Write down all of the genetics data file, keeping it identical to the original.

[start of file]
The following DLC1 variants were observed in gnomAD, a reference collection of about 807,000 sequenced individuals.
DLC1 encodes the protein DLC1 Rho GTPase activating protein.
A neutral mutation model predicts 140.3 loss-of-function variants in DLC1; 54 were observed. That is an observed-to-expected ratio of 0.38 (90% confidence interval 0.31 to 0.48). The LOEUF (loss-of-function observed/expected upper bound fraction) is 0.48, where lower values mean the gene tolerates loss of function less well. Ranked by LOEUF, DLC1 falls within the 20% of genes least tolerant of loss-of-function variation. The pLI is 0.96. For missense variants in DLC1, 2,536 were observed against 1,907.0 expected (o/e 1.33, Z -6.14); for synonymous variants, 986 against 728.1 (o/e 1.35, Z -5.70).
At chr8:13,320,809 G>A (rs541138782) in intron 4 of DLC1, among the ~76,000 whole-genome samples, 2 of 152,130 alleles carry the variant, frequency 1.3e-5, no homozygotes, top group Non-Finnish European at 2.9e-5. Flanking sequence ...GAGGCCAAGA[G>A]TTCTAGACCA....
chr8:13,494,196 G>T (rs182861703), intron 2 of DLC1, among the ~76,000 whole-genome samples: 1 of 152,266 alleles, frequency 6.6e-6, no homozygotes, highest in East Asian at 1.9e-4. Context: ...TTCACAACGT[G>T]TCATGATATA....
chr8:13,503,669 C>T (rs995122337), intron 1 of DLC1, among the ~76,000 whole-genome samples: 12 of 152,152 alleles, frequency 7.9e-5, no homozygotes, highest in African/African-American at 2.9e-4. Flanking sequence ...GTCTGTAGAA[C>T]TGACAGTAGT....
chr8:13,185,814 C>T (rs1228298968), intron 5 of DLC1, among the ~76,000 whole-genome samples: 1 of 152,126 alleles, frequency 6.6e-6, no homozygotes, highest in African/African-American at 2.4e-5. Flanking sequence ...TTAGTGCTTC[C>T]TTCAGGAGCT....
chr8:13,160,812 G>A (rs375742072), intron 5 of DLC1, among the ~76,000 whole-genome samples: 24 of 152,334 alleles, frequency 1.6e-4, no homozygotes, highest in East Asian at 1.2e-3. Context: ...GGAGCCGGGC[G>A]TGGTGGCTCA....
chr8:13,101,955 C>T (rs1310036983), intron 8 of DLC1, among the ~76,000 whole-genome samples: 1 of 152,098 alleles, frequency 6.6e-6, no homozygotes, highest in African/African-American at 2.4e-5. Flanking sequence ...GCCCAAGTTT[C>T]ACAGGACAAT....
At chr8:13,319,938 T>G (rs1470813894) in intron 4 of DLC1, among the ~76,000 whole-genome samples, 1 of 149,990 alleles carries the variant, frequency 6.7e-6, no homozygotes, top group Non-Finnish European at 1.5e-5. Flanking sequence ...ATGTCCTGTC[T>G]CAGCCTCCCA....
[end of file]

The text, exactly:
The following DLC1 variants were observed in gnomAD, a reference collection of about 807,000 sequenced individuals.
DLC1 encodes the protein DLC1 Rho GTPase activating protein.
A neutral mutation model predicts 140.3 loss-of-function variants in DLC1; 54 were observed. That is an observed-to-expected ratio of 0.38 (90% confidence interval 0.31 to 0.48). The LOEUF (loss-of-function observed/expected upper bound fraction) is 0.48, where lower values mean the gene tolerates loss of function less well. Ranked by LOEUF, DLC1 falls within the 20% of genes least tolerant of loss-of-function variation. The pLI is 0.96. For missense variants in DLC1, 2,536 were observed against 1,907.0 expected (o/e 1.33, Z -6.14); for synonymous variants, 986 against 728.1 (o/e 1.35, Z -5.70).
At chr8:13,320,809 G>A (rs541138782) in intron 4 of DLC1, among the ~76,000 whole-genome samples, 2 of 152,130 alleles carry the variant, frequency 1.3e-5, no homozygotes, top group Non-Finnish European at 2.9e-5. Flanking sequence ...GAGGCCAAGA[G>A]TTCTAGACCA....
chr8:13,494,196 G>T (rs182861703), intron 2 of DLC1, among the ~76,000 whole-genome samples: 1 of 152,266 alleles, frequency 6.6e-6, no homozygotes, highest in East Asian at 1.9e-4. Context: ...TTCACAACGT[G>T]TCATGATATA....
chr8:13,503,669 C>T (rs995122337), intron 1 of DLC1, among the ~76,000 whole-genome samples: 12 of 152,152 alleles, frequency 7.9e-5, no homozygotes, highest in African/African-American at 2.9e-4. Flanking sequence ...GTCTGTAGAA[C>T]TGACAGTAGT....
chr8:13,185,814 C>T (rs1228298968), intron 5 of DLC1, among the ~76,000 whole-genome samples: 1 of 152,126 alleles, frequency 6.6e-6, no homozygotes, highest in African/African-American at 2.4e-5. Flanking sequence ...TTAGTGCTTC[C>T]TTCAGGAGCT....
chr8:13,160,812 G>A (rs375742072), intron 5 of DLC1, among the ~76,000 whole-genome samples: 24 of 152,334 alleles, frequency 1.6e-4, no homozygotes, highest in East Asian at 1.2e-3. Context: ...GGAGCCGGGC[G>A]TGGTGGCTCA....
chr8:13,101,955 C>T (rs1310036983), intron 8 of DLC1, among the ~76,000 whole-genome samples: 1 of 152,098 alleles, frequency 6.6e-6, no homozygotes, highest in African/African-American at 2.4e-5. Flanking sequence ...GCCCAAGTTT[C>T]ACAGGACAAT....
At chr8:13,319,938 T>G (rs1470813894) in intron 4 of DLC1, among the ~76,000 whole-genome samples, 1 of 149,990 alleles carries the variant, frequency 6.7e-6, no homozygotes, top group Non-Finnish European at 1.5e-5. Flanking sequence ...ATGTCCTGTC[T>G]CAGCCTCCCA....